Postage rates may still go up
The price of postage stamps may still increase to 46 cents next year. The U.S. Postal Service plans to appeal a regulator's decision to deny permission to raise rates by 2 cents.
The Postal Service will appeal the Sept. 30 ruling by the Postal Regulatory Commission to the U.S. Court of Appeals for the District of Columbia, asking the court to review the regulator's interpretation of the 2006 postal reform act. The law allows USPS to file an exigent -- or immediate -- rate case based on "extraordinary circumstances."
The Postal Service filed an exigent rate case this summer, hoping to raise about $2.3 billion in revenue during the first nine months of 2011. The mail agency argued that the economic downturn had caused a rapid decline in mail volume, requiring a price hike above the rate of inflation. Regulators agreed that the recession had contributed to a slump in mail volume, but said the USPS business model was more to blame.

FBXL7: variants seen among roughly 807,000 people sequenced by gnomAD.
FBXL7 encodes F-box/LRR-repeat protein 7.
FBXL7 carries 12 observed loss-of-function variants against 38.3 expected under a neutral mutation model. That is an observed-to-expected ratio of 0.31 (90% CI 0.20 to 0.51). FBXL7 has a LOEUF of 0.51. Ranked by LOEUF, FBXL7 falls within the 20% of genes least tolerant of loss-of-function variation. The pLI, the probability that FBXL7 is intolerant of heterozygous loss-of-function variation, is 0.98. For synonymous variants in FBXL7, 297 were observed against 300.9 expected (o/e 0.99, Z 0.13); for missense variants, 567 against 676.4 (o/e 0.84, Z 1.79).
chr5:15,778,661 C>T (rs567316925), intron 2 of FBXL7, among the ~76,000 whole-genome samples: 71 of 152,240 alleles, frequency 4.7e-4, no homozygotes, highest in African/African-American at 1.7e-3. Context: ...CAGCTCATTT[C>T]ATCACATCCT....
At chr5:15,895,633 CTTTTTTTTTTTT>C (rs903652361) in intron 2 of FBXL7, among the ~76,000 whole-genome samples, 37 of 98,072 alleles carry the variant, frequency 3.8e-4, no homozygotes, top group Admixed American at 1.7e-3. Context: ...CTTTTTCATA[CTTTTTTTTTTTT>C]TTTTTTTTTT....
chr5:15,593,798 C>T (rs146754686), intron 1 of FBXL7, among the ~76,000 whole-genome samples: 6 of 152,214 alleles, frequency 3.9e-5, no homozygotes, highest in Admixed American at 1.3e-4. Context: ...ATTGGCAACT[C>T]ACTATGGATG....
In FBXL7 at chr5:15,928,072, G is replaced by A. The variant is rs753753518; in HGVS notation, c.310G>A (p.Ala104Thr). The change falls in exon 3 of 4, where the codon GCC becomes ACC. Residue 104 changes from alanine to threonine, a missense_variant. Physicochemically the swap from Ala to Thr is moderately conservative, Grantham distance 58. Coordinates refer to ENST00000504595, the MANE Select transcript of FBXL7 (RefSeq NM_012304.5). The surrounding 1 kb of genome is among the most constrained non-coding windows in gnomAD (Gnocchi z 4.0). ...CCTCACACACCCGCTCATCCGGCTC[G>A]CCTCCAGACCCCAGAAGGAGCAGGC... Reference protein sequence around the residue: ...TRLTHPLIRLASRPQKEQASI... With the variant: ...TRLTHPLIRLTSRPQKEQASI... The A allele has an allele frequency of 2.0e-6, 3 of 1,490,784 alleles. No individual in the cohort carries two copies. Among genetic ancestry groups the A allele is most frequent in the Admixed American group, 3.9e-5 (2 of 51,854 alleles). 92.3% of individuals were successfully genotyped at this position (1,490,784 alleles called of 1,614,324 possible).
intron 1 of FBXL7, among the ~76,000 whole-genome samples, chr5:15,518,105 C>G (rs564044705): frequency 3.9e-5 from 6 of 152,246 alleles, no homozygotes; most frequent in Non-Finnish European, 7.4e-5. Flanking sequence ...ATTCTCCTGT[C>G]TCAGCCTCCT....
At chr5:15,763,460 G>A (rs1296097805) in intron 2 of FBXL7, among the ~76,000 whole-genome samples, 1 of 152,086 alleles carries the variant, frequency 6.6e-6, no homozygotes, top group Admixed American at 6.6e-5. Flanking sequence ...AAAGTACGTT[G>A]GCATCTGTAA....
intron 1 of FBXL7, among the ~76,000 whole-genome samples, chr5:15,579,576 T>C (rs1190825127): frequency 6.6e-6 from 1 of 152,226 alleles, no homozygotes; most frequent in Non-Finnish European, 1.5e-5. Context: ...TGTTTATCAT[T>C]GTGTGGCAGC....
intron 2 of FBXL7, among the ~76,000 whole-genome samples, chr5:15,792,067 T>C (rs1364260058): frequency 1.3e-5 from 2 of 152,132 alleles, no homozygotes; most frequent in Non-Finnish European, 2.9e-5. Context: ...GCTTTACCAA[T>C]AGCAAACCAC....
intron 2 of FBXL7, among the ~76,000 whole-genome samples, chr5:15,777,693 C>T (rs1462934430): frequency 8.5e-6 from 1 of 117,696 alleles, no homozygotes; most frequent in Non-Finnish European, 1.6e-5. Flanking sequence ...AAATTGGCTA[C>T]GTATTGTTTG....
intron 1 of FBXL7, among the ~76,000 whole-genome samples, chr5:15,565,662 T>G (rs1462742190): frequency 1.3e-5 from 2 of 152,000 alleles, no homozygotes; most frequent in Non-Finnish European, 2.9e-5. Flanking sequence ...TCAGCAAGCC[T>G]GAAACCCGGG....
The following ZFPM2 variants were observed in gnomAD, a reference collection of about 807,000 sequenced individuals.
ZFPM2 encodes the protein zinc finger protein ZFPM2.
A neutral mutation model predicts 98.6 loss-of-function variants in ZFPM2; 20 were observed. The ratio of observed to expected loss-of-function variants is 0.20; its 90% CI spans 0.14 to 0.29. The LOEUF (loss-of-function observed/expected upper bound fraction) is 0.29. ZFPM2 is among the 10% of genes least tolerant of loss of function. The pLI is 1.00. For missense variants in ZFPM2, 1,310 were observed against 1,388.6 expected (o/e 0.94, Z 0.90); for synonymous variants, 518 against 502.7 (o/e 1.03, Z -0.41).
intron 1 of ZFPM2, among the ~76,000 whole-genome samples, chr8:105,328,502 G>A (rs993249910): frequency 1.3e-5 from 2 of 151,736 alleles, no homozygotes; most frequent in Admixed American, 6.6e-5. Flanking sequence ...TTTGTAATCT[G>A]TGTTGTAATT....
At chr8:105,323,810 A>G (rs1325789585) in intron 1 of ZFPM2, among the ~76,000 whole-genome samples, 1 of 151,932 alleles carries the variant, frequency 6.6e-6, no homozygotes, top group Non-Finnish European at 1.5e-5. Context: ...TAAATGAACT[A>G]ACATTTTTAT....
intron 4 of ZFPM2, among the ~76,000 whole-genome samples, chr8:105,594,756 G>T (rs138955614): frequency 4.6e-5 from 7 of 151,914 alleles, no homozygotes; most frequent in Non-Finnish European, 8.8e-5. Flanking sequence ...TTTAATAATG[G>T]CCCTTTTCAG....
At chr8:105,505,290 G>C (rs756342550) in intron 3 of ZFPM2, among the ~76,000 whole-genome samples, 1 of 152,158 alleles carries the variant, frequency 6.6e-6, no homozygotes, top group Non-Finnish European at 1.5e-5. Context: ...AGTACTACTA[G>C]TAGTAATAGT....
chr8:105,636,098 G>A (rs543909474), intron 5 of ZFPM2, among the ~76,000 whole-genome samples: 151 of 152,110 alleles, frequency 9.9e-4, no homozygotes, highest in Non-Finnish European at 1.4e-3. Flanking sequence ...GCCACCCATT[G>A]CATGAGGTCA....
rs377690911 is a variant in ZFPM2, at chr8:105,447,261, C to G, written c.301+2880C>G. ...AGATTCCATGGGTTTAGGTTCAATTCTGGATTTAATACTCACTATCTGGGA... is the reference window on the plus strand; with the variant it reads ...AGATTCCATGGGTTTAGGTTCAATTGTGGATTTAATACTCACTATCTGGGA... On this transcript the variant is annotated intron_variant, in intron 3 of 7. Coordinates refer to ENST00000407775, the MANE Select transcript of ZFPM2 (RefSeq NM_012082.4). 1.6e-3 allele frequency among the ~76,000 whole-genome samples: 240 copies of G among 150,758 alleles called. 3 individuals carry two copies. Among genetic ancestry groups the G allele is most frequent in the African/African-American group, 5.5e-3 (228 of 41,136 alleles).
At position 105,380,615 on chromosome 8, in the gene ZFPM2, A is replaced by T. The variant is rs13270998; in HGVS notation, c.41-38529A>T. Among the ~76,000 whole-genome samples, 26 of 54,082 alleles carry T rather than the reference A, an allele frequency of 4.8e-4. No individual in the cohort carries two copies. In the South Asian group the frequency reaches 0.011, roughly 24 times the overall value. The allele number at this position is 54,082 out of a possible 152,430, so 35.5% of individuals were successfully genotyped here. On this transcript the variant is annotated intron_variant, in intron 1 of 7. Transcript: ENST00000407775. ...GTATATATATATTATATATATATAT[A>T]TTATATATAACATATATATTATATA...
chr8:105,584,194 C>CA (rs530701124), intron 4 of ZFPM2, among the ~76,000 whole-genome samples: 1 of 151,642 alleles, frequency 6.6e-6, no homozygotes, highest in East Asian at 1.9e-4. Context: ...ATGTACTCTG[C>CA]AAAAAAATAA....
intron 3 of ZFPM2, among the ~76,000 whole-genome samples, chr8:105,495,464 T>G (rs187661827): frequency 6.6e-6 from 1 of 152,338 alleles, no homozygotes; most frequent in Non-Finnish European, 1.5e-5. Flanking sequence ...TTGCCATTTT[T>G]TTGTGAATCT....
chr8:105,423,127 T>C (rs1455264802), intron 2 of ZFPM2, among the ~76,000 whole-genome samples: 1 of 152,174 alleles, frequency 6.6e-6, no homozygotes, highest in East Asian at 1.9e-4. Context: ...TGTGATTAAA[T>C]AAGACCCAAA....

"We have a fundamental disagreement with the PRC's interpretation of the law," Postmaster General John E. Potter said Friday. "This action is an investment in our future. We need to understand and define the rules under the current law should the Postal Service find itself in a similar situation in the future."
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